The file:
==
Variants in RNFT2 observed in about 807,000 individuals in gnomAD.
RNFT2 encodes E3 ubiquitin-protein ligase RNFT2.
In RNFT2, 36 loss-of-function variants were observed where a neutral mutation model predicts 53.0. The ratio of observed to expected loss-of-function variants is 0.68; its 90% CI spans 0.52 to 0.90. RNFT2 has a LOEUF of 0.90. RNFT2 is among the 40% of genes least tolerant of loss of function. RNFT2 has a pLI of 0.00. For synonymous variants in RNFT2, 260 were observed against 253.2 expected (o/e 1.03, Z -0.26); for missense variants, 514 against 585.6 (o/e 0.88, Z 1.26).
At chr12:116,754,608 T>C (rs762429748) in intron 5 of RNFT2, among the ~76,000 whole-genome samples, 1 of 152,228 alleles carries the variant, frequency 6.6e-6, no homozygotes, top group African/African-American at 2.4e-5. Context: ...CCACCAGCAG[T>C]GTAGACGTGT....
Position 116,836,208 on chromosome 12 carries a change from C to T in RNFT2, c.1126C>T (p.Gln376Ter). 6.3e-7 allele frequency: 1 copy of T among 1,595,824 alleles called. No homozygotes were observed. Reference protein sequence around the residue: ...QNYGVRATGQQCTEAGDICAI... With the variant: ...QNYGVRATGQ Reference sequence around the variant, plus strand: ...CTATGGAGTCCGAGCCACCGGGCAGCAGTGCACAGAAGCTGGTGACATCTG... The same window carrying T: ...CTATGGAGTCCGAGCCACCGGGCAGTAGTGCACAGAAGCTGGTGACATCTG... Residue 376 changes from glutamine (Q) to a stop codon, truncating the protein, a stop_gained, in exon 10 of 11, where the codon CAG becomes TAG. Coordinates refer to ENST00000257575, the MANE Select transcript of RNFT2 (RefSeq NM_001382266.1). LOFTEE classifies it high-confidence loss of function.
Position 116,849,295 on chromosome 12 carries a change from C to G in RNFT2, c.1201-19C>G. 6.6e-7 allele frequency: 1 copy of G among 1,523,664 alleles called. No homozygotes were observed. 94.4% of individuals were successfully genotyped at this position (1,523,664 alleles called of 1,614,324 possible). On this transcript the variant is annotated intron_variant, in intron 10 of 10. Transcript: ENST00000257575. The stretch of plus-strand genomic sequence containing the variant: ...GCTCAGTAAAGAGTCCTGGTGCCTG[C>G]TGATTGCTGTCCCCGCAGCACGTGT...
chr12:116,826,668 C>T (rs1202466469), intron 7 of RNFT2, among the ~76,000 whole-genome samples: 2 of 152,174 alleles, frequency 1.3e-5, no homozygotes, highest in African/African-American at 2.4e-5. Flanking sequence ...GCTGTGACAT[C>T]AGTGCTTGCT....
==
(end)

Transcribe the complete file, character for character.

Variants in RNFT2 observed in about 807,000 individuals in gnomAD.
RNFT2 encodes E3 ubiquitin-protein ligase RNFT2.
In RNFT2, 36 loss-of-function variants were observed where a neutral mutation model predicts 53.0. The ratio of observed to expected loss-of-function variants is 0.68; its 90% CI spans 0.52 to 0.90. RNFT2 has a LOEUF of 0.90. RNFT2 is among the 40% of genes least tolerant of loss of function. RNFT2 has a pLI of 0.00. For synonymous variants in RNFT2, 260 were observed against 253.2 expected (o/e 1.03, Z -0.26); for missense variants, 514 against 585.6 (o/e 0.88, Z 1.26).
At chr12:116,754,608 T>C (rs762429748) in intron 5 of RNFT2, among the ~76,000 whole-genome samples, 1 of 152,228 alleles carries the variant, frequency 6.6e-6, no homozygotes, top group African/African-American at 2.4e-5. Context: ...CCACCAGCAG[T>C]GTAGACGTGT....
Position 116,836,208 on chromosome 12 carries a change from C to T in RNFT2, c.1126C>T (p.Gln376Ter). 6.3e-7 allele frequency: 1 copy of T among 1,595,824 alleles called. No homozygotes were observed. Reference protein sequence around the residue: ...QNYGVRATGQQCTEAGDICAI... With the variant: ...QNYGVRATGQ Reference sequence around the variant, plus strand: ...CTATGGAGTCCGAGCCACCGGGCAGCAGTGCACAGAAGCTGGTGACATCTG... The same window carrying T: ...CTATGGAGTCCGAGCCACCGGGCAGTAGTGCACAGAAGCTGGTGACATCTG... Residue 376 changes from glutamine (Q) to a stop codon, truncating the protein, a stop_gained, in exon 10 of 11, where the codon CAG becomes TAG. Coordinates refer to ENST00000257575, the MANE Select transcript of RNFT2 (RefSeq NM_001382266.1). LOFTEE classifies it high-confidence loss of function.
Position 116,849,295 on chromosome 12 carries a change from C to G in RNFT2, c.1201-19C>G. 6.6e-7 allele frequency: 1 copy of G among 1,523,664 alleles called. No homozygotes were observed. 94.4% of individuals were successfully genotyped at this position (1,523,664 alleles called of 1,614,324 possible). On this transcript the variant is annotated intron_variant, in intron 10 of 10. Transcript: ENST00000257575. The stretch of plus-strand genomic sequence containing the variant: ...GCTCAGTAAAGAGTCCTGGTGCCTG[C>G]TGATTGCTGTCCCCGCAGCACGTGT...
chr12:116,826,668 C>T (rs1202466469), intron 7 of RNFT2, among the ~76,000 whole-genome samples: 2 of 152,174 alleles, frequency 1.3e-5, no homozygotes, highest in African/African-American at 2.4e-5. Flanking sequence ...GCTGTGACAT[C>T]AGTGCTTGCT....